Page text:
13. Aug 13, 2015

### PAllen

The paper I linked in #4 discusses precisely the class of solution for infinite (or unbounded, in some cases) lattice massive objects without cosmological constant. It shows that each such solution matches the behavior of an FLRW solution with nearly the same overall energy density. Thus, it either expands forever or expands, then contracts, depending on density. There is no possible static solution (again, without cosmological constant).

14. Aug 13, 2015

### votingmachine

That makes sense to me. But I can't reconcile that with the idea that the infinite lattice is gravitationally unstable.

I fully agree that the hypothetical is impossible. I keep getting tripped up by the "so large as to be indistinguishable from an infinite" parts. I guess I keep seeing a distinction. Your relegation of the mass to nothing seems to be a good way to wipe out the distinction. But a mass-less thing should not be susceptible to gravitational collapse (should it?).

15. Aug 13, 2015

### PAllen

Maybe the way to break the Newtonian intuition that an infinite lattice could be stable is to realize that Newtonian gravity is based on fixed background space, while in GR, the geometry of spacetime is dynamic and coupled to matter/energy. Einstein went looking for exactly such a static solution, based on Newtonian expectation, and was (initially) horrified to discover there could not be such a solution of the field equations without introducing a cosmological constant.

Another counter-intuitive consequence in GR is that once you give up that an infinite lattice could be stable, you would think that collapse is the likely outcome (not towards a center, which doesn't exist, but of the the whole 'universe' collectively, that is a big crunch cosmology). However, this intuition is again wrong. Any maximally extended solution must start out expanding, with later collapse depending on average density of the lattice.

16. Aug 13, 2015

### votingmachine

That does help. I know it is a strange and impossible hypothetical, but it seemed putting infinity as the dimensions of the uniform lattice, it made it essentially the Newtonian space. I was not very interested in the information side of the discussion, and the practical objections seemed well covered.

This is one of those times when the insight into the difference between Newton and Einstein seems particularly stimulating. MANY thanks to people behind the comments made.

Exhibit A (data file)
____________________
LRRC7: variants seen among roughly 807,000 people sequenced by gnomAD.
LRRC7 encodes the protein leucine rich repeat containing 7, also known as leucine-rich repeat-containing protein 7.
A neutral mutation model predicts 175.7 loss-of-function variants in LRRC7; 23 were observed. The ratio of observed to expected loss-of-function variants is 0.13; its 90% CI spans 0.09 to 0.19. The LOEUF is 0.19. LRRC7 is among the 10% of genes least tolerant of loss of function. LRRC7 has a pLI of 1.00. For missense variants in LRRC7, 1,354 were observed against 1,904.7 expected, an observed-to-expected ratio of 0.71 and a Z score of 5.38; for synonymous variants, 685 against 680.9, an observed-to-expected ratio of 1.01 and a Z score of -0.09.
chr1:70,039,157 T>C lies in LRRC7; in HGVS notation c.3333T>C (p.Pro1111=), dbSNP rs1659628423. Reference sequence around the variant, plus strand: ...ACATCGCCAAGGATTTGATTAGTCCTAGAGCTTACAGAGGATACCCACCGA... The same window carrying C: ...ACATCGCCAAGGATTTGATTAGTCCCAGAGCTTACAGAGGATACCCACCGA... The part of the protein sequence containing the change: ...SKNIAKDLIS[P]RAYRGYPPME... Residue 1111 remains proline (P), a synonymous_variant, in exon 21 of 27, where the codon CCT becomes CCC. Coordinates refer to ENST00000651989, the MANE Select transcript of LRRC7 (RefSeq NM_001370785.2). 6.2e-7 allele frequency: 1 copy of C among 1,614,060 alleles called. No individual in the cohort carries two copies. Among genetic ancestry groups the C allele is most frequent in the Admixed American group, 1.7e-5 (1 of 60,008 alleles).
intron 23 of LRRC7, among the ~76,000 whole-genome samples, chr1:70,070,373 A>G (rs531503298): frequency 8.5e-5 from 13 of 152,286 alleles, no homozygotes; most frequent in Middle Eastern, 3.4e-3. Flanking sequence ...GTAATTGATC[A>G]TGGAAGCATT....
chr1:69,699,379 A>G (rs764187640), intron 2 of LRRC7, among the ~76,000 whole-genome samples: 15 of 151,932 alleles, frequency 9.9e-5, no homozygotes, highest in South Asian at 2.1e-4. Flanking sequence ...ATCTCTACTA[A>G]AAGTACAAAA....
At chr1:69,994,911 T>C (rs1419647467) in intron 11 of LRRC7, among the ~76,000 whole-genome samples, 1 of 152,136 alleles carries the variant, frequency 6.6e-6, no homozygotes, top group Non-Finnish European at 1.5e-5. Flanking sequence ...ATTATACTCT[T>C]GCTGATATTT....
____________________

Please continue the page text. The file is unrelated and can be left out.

17. Aug 13, 2015

### Staff: Mentor

It doesn't. "Low attraction" and low speeds are necessary conditions for Newtonian gravity to be a good approximation, but they are not sufficient. You also need an isolated system of finite extent surrounded by empty space. If you have an infinite lattice, you obviously don't meet that latter requirement.

A "mass-less thing" is empty space. As soon as you postulate a "lattice" made of something, anything at all, it isn't empty space. You can't have your cake and eat it too: if you want "something" to be present, you can't assume it has no mass; more precisely, you can't assume it has no stress-energy. And if it has stress-energy, it has gravitational effects.

18. Aug 13, 2015

### votingmachine

I see that now. The simplicity of the small masses at 1 light year spacing, led me to seeing them as a pure Euclidean system, with the masses at every integer location. A Newtonian approximation has a built in error, and in this case the error is important.

I see that now. It is again a case for not using an approximation. Things need to be as simple as possible, but not simpler. I took it a step too far.

In another thread there was a link to Bell's Spaceship Paradox, and I had exactly the reaction in that story, as the consensus of the scientists, who also said the thread was fine. And then you go thru the math, and it breaks. I see that this is another case where one has to see the full story ... no shortcuts. Moments where a thread provides an insight are rare, and this makes twice ... so hurrah for these boards.